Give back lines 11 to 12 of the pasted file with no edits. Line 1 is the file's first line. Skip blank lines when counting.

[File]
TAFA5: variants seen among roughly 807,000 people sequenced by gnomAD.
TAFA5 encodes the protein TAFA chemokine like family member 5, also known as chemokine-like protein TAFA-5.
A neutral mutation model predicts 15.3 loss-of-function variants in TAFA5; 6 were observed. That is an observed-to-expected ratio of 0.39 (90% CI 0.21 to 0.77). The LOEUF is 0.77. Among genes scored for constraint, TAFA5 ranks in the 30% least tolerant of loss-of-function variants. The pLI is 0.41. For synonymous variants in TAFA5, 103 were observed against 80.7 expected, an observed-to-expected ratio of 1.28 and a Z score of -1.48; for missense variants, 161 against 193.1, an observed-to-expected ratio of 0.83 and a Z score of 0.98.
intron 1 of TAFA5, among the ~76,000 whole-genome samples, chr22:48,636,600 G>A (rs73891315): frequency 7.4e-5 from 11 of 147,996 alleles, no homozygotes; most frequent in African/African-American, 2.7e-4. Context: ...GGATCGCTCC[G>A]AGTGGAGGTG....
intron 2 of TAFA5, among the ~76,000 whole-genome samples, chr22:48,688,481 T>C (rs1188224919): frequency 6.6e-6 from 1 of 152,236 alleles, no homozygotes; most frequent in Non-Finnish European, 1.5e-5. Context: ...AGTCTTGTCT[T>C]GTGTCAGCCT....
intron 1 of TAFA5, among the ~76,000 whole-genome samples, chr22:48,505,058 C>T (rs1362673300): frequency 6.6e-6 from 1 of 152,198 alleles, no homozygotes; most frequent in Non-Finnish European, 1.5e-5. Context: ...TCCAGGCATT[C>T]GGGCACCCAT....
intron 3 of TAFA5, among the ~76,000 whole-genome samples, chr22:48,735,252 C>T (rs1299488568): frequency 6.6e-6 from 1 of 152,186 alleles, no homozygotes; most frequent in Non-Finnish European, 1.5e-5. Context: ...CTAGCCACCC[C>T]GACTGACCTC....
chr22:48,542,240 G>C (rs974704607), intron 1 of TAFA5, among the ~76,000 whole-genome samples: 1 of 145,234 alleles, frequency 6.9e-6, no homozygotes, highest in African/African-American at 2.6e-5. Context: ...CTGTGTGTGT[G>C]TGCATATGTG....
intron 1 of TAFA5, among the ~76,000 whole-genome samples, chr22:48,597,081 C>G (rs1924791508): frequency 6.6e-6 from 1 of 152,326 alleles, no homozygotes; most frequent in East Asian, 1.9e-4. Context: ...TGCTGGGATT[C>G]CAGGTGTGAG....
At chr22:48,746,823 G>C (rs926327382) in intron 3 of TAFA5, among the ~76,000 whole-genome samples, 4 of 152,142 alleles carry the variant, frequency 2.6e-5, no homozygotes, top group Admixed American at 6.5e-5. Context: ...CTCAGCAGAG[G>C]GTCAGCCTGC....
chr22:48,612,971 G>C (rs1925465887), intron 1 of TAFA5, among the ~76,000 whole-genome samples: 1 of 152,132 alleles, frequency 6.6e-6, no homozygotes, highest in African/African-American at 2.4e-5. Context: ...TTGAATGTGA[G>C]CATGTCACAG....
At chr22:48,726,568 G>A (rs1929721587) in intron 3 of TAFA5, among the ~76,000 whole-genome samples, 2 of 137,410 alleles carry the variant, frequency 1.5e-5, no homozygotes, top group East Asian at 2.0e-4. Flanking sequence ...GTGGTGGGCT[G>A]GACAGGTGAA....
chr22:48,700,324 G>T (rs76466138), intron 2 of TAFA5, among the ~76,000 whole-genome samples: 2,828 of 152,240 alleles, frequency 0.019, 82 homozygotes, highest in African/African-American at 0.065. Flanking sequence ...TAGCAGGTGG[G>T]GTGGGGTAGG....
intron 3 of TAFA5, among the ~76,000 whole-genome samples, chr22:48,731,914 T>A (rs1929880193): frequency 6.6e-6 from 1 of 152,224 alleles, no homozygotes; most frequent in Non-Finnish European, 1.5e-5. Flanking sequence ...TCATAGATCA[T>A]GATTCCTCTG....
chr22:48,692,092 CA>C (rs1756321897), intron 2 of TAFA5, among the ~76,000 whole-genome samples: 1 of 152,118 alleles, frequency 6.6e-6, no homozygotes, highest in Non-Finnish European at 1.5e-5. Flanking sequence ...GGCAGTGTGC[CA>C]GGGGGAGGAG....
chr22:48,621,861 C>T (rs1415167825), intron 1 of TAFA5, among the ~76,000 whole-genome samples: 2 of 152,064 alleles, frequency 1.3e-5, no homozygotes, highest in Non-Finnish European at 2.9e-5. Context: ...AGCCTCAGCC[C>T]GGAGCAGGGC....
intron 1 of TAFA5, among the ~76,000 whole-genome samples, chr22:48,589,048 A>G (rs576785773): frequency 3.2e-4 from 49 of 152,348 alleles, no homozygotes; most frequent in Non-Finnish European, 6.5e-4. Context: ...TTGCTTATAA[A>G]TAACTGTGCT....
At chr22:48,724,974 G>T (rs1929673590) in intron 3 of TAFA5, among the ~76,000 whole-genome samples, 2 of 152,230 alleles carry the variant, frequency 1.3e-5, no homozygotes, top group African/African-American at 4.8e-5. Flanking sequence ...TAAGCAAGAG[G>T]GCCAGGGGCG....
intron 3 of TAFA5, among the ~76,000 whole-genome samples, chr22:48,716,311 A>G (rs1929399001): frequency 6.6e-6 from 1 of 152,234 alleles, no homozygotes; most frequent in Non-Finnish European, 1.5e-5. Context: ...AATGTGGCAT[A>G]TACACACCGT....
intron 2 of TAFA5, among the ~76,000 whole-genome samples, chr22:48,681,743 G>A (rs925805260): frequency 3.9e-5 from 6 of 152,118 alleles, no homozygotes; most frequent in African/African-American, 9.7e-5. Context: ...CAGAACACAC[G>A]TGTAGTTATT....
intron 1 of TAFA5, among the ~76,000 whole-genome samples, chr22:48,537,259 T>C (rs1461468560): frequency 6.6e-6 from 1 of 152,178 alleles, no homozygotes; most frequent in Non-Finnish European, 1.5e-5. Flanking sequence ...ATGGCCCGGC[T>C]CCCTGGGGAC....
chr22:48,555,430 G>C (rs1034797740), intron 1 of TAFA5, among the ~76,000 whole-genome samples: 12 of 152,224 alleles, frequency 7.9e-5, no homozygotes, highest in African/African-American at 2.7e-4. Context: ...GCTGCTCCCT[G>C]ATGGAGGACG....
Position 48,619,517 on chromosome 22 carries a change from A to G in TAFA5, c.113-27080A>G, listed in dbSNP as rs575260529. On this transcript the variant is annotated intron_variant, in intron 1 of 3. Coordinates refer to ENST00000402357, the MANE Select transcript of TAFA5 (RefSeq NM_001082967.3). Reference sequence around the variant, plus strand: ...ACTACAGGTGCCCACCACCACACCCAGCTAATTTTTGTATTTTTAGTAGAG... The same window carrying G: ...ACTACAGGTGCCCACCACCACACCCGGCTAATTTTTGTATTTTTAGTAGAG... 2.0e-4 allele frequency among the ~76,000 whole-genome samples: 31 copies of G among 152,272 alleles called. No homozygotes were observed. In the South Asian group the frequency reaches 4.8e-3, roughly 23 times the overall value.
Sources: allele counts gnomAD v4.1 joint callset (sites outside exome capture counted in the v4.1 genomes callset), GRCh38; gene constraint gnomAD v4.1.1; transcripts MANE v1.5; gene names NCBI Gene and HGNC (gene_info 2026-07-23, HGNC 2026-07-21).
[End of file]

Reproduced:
chr22:48,612,971 G>C (rs1925465887), intron 1 of TAFA5, among the ~76,000 whole-genome samples: 1 of 152,132 alleles, frequency 6.6e-6, no homozygotes, highest in African/African-American at 2.4e-5. Context: ...TTGAATGTGA[G>C]CATGTCACAG....
At chr22:48,726,568 G>A (rs1929721587) in intron 3 of TAFA5, among the ~76,000 whole-genome samples, 2 of 137,410 alleles carry the variant, frequency 1.5e-5, no homozygotes, top group East Asian at 2.0e-4. Flanking sequence ...GTGGTGGGCT[G>A]GACAGGTGAA....